#1
I am currently the lead singer of my band but I have though about becoming the bassist aswell since were having such a hard time finding one and I can play bass. Right now the only bass we own is a crappy Squier Affinity P-Bass (which is what i learned on) and it is pretty uncomfortable to play and sing with plus it feels pretty uncomfortable in general. Sometime in the in the near future I would like to upgrade to something better. I do love p-basses but i dont know how much different they are feel wise from the squier we have. I dont have the cash to shell out for a stingray (my favourate basses) so what would be a good option somewhere between the $300-$500 range?
#2
it is uncomfortable in what way? If its too heavy look at an ibanez, theyre generally lighter, if it sits weird, take your strap into a bass shop and see how each bass sits, maybe its just your strap though?
#3
any bass you are usually comfortable with is your best bet while singing, just try some and see what you find comfortable
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#4
Well, I sing and play bass too. Not in a band anymore. But I played a Schecter Custom 4 at the time and it was a little uncomfortable to play and sing with. Dunno why. It's all personal preference, I like Jazz basses when it comes to singing, usually a light bass helps. Heavy basses get a little uncomfortable after a while. But try out of feels really comfortable around your shoulders and I guess lean forward like you singing into a mic? I dunno.
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#5
i have a crappy squire p-bass and i sing with it. unless ur spoiled rotten, it shouldnt make a difference, ive played a lot of instruments and ive never been so uncomfortable with 1 that i just couldnt use it. i used to sing lead in a band i recently quit while playing my (at the time) totally falling apart drumset. like, i didnt even have a real snare drum, i had like half a snare drum and no stand, i put it on my lap and played, and my ride cymbal's stand was/is so horrible it kept falling, and the high-hat was and still is just crushed. the quality overal was just depressing, but i worked with it.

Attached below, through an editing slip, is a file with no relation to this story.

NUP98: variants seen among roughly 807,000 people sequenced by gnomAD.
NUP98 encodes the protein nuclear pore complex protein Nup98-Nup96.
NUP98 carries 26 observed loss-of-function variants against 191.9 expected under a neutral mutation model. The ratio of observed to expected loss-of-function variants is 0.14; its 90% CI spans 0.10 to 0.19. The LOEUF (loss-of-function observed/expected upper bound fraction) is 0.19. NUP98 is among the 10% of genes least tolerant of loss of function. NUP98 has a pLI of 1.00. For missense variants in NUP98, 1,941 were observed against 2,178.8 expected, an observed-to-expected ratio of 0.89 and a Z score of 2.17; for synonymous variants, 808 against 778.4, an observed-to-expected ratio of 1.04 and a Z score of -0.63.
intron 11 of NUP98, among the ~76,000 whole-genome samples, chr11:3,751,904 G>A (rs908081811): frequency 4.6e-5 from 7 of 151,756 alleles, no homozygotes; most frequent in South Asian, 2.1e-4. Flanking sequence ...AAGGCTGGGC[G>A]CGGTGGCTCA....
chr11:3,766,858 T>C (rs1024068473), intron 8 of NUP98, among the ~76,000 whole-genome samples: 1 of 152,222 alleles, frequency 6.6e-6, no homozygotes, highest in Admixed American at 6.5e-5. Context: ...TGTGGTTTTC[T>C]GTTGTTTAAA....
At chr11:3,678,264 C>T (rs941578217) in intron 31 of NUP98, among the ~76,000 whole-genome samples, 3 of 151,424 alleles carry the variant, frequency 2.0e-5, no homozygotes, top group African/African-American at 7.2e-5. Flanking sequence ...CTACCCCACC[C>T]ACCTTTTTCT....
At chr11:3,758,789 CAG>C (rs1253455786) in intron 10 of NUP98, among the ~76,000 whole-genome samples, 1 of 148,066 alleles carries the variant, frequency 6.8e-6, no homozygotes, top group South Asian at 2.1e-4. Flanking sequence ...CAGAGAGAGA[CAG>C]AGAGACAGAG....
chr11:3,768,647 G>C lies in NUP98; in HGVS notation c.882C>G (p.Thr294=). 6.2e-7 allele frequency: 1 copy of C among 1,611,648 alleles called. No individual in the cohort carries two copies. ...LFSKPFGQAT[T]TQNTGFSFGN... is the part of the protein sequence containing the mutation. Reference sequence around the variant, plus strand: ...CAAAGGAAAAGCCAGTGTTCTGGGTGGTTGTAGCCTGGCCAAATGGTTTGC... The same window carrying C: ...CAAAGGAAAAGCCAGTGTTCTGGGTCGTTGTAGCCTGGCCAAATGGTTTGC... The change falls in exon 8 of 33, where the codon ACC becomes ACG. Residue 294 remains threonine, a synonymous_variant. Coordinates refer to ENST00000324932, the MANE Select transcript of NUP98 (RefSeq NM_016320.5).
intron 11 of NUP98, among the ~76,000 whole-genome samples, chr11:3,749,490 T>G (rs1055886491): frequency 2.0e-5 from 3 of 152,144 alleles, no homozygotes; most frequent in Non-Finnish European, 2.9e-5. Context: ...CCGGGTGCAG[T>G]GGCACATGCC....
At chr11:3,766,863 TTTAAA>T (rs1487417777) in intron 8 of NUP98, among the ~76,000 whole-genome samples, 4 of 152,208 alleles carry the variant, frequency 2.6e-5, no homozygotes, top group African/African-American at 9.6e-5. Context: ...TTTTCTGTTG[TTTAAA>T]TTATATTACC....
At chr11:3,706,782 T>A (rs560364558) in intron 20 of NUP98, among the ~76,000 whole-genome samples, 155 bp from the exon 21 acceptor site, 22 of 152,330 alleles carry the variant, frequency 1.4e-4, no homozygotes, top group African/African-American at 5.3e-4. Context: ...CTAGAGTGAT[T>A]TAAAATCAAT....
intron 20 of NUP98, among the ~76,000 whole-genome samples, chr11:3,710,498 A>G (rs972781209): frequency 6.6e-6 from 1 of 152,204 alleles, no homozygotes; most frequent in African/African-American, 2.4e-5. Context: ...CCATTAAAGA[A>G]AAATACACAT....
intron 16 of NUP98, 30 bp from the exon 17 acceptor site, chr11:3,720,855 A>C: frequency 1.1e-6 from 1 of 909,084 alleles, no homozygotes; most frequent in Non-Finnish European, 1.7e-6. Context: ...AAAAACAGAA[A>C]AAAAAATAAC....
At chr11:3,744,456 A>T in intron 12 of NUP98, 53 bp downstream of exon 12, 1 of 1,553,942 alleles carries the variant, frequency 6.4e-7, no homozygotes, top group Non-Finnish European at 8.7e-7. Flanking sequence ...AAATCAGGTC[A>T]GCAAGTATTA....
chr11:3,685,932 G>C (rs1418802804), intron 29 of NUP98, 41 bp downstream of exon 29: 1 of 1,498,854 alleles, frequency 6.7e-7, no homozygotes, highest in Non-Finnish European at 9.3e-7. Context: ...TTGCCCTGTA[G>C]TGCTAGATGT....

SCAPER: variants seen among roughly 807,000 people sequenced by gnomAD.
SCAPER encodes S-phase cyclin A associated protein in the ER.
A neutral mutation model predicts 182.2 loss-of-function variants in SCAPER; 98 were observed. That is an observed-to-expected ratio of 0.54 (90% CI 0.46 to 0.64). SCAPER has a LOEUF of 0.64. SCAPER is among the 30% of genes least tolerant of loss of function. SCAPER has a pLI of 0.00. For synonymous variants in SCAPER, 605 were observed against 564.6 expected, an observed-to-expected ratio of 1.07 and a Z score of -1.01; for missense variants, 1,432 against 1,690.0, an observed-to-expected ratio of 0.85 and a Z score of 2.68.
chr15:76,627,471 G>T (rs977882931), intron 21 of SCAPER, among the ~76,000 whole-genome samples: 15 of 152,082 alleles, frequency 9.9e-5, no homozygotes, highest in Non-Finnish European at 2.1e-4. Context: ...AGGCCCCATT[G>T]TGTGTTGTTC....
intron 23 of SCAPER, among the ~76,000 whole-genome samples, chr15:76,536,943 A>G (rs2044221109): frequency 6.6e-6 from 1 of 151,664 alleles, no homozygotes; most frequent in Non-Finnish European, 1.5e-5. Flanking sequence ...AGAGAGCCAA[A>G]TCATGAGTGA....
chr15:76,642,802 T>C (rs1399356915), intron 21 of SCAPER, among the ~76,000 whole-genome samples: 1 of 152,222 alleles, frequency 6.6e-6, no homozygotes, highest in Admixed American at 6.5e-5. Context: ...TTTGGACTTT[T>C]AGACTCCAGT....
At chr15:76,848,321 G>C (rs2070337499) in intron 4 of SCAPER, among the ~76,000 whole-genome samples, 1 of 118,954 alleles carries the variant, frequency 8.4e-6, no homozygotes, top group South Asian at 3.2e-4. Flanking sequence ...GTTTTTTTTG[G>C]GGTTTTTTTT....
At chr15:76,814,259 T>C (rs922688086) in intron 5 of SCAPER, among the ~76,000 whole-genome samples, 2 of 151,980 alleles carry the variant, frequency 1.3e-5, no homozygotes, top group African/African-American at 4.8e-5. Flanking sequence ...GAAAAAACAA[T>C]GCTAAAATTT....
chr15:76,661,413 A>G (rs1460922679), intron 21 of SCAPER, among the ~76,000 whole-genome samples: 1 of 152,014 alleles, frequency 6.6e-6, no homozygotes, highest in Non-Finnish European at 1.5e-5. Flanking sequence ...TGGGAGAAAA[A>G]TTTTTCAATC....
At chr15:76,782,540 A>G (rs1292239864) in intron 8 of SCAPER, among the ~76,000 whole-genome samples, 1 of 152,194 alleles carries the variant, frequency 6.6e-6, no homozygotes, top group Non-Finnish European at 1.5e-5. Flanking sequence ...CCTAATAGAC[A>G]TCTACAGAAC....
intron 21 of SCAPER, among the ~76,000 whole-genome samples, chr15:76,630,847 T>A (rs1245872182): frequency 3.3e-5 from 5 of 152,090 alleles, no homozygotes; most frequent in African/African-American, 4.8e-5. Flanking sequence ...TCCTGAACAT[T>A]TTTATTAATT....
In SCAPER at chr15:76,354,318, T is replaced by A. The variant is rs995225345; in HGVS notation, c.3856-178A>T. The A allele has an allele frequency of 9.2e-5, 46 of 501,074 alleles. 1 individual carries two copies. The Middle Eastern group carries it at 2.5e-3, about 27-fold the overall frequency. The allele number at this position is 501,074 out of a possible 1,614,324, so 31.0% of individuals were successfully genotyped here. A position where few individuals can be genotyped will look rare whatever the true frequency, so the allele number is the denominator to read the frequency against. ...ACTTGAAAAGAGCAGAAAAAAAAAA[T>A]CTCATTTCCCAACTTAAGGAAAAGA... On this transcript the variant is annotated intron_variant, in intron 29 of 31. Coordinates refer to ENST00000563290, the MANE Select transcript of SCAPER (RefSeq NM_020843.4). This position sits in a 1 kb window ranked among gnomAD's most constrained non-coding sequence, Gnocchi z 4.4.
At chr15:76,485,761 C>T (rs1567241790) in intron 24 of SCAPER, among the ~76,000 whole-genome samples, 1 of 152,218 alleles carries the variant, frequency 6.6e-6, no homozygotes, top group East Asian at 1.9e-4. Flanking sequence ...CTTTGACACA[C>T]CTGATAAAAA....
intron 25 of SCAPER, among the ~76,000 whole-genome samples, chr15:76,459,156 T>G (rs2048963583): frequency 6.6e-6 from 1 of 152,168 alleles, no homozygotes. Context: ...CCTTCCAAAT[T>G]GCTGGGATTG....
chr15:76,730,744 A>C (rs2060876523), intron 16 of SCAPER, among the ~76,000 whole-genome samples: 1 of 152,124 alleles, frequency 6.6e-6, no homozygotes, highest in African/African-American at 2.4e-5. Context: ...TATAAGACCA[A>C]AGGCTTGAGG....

whats the problem with your squire? you learned on it, you have a relationship with that bass, because without it you wouldnt know how to be a bassist, so dont insult ur bass or let it go to waste, use it!
#6
Singer/bass player reporting in. From what I noticed, having your bass strap lower helps, since the weight doesn't interfere with your diaphragm movement, and since I'm a death metal vocalist, diaphragm is important for me. Also a comfortable, long strap is very good.
#7
Quote by lavalamp360
I am currently the lead singer of my band but I have though about becoming the bassist aswell since were having such a hard time finding one and I can play bass. Right now the only bass we own is a crappy Squier Affinity P-Bass (which is what i learned on) and it is pretty uncomfortable to play and sing with plus it feels pretty uncomfortable in general. Sometime in the in the near future I would like to upgrade to something better. I do love p-basses but i dont know how much different they are feel wise from the squier we have. I dont have the cash to shell out for a stingray (my favourate basses) so what would be a good option somewhere between the $300-$500 range?